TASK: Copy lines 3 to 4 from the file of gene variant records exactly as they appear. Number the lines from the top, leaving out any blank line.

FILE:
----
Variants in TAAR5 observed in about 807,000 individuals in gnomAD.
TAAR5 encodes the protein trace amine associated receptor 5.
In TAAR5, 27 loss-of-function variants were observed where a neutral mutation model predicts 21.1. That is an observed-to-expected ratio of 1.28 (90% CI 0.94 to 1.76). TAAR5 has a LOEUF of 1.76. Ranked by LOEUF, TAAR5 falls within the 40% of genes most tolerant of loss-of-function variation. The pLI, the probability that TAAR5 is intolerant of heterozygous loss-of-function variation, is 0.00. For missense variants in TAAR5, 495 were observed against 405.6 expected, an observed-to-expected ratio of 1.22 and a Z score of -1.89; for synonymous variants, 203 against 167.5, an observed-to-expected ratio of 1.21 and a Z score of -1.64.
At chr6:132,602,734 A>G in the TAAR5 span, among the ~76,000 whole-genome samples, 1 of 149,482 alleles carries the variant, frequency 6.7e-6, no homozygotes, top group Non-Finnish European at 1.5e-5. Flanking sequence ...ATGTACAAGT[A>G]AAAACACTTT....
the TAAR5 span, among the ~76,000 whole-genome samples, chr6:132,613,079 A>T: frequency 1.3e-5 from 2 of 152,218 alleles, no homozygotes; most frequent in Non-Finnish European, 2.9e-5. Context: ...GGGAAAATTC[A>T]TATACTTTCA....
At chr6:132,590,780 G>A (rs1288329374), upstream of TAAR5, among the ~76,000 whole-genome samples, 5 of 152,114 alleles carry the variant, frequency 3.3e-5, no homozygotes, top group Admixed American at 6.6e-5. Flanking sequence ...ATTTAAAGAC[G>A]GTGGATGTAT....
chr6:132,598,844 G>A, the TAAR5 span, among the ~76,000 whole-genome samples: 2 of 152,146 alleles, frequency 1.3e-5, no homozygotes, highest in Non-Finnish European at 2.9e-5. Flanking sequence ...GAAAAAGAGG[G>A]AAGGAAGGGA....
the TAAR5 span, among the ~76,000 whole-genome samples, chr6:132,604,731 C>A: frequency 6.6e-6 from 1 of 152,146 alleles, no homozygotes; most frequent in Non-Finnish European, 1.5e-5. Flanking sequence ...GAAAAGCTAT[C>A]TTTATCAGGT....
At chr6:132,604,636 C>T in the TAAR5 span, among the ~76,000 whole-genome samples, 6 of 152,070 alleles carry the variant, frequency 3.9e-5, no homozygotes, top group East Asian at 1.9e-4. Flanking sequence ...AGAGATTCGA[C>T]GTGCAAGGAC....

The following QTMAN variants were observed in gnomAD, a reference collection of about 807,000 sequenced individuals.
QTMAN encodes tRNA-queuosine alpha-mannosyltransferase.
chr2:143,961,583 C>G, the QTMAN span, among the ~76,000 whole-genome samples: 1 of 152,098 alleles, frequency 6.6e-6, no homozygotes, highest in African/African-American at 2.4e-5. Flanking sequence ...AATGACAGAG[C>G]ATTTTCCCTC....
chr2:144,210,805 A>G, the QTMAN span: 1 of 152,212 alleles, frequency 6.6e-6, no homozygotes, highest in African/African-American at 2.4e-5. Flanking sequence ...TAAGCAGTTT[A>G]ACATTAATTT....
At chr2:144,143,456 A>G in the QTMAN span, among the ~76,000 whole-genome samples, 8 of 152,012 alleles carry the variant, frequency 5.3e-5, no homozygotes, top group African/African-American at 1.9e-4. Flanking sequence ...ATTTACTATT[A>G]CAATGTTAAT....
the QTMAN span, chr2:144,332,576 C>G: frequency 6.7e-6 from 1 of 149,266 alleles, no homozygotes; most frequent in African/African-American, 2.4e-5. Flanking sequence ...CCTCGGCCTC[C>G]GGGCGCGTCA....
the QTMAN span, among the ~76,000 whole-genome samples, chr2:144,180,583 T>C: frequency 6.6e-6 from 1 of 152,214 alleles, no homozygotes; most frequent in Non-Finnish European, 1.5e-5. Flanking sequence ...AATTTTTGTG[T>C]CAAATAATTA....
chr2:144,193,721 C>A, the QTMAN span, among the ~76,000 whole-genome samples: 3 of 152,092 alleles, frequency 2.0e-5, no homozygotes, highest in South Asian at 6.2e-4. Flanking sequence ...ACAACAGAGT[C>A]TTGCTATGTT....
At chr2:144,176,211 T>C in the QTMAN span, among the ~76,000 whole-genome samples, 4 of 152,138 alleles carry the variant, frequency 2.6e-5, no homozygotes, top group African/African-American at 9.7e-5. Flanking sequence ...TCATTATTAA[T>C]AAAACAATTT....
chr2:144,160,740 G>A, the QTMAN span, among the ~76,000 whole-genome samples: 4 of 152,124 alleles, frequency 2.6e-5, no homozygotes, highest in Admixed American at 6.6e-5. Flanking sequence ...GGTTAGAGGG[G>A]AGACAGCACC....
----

In TAAR5, 27 loss-of-function variants were observed where a neutral mutation model predicts 21.1. That is an observed-to-expected ratio of 1.28 (90% CI 0.94 to 1.76). TAAR5 has a LOEUF of 1.76. Ranked by LOEUF, TAAR5 falls within the 40% of genes most tolerant of loss-of-function variation. The pLI, the probability that TAAR5 is intolerant of heterozygous loss-of-function variation, is 0.00. For missense variants in TAAR5, 495 were observed against 405.6 expected, an observed-to-expected ratio of 1.22 and a Z score of -1.89; for synonymous variants, 203 against 167.5, an observed-to-expected ratio of 1.21 and a Z score of -1.64.
At chr6:132,602,734 A>G in the TAAR5 span, among the ~76,000 whole-genome samples, 1 of 149,482 alleles carries the variant, frequency 6.7e-6, no homozygotes, top group Non-Finnish European at 1.5e-5. Flanking sequence ...ATGTACAAGT[A>G]AAAACACTTT....